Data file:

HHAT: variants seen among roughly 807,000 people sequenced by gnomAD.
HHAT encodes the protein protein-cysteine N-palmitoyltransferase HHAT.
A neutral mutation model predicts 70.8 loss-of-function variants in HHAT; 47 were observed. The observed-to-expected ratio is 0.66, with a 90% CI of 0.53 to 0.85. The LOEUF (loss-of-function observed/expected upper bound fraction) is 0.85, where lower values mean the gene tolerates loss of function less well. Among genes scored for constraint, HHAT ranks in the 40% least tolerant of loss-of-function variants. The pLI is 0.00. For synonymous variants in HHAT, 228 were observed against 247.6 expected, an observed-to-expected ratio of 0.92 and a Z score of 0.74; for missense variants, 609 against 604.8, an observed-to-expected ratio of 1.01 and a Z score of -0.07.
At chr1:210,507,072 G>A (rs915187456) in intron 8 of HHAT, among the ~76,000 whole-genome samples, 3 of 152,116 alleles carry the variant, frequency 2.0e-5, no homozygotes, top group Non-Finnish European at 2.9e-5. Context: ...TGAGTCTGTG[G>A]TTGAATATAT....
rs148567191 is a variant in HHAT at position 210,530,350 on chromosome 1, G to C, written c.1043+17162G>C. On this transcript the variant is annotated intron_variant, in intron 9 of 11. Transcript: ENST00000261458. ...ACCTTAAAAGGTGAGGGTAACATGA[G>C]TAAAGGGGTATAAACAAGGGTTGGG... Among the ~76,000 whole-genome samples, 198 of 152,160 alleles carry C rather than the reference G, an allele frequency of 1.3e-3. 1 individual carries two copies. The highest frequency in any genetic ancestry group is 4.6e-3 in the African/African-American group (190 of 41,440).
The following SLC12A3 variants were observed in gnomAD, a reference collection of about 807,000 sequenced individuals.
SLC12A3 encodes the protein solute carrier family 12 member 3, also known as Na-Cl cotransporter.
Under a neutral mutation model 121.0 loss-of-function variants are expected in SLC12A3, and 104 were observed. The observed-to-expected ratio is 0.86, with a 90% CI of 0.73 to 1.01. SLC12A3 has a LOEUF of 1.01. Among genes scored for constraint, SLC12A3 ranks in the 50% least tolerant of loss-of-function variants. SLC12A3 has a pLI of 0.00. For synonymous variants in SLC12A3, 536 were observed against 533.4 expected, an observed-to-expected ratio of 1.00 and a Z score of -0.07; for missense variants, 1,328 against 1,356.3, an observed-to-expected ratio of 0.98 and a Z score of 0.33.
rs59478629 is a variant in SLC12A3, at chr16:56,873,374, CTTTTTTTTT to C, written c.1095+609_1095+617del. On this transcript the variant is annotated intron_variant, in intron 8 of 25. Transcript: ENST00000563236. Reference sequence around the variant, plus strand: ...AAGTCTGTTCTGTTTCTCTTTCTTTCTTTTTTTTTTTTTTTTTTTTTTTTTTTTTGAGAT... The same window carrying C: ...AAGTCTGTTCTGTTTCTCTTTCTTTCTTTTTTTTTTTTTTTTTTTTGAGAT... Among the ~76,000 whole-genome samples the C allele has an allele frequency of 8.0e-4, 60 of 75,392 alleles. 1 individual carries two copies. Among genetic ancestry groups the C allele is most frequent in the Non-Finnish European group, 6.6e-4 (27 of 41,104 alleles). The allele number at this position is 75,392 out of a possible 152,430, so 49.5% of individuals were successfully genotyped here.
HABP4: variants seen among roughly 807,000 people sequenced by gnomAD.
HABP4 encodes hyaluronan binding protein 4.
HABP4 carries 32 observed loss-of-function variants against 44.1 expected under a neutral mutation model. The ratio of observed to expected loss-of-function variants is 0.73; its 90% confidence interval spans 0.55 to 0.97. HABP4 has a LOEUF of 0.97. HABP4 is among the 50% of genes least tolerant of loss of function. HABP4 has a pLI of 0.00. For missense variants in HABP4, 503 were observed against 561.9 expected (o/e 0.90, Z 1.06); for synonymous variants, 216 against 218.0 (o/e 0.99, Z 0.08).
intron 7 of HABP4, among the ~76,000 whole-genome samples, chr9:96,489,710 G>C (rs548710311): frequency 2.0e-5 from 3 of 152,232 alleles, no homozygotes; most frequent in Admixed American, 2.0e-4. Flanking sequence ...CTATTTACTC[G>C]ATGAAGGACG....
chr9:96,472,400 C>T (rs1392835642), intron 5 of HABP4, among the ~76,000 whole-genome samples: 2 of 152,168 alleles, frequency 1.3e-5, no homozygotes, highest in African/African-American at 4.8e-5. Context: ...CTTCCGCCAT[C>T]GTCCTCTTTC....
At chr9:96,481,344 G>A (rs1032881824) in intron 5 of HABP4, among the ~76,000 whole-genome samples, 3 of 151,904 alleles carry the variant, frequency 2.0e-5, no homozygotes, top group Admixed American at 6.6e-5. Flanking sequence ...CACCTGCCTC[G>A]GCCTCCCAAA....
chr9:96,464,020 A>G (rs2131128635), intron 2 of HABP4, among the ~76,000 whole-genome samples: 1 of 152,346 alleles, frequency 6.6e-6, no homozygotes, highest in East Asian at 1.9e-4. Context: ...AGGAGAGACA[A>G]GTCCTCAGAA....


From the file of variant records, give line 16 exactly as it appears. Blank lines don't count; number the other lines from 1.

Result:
chr9:96,464,020 A>G (rs2131128635), intron 2 of HABP4, among the ~76,000 whole-genome samples: 1 of 152,346 alleles, frequency 6.6e-6, no homozygotes, highest in East Asian at 1.9e-4. Context: ...AGGAGAGACA[A>G]GTCCTCAGAA....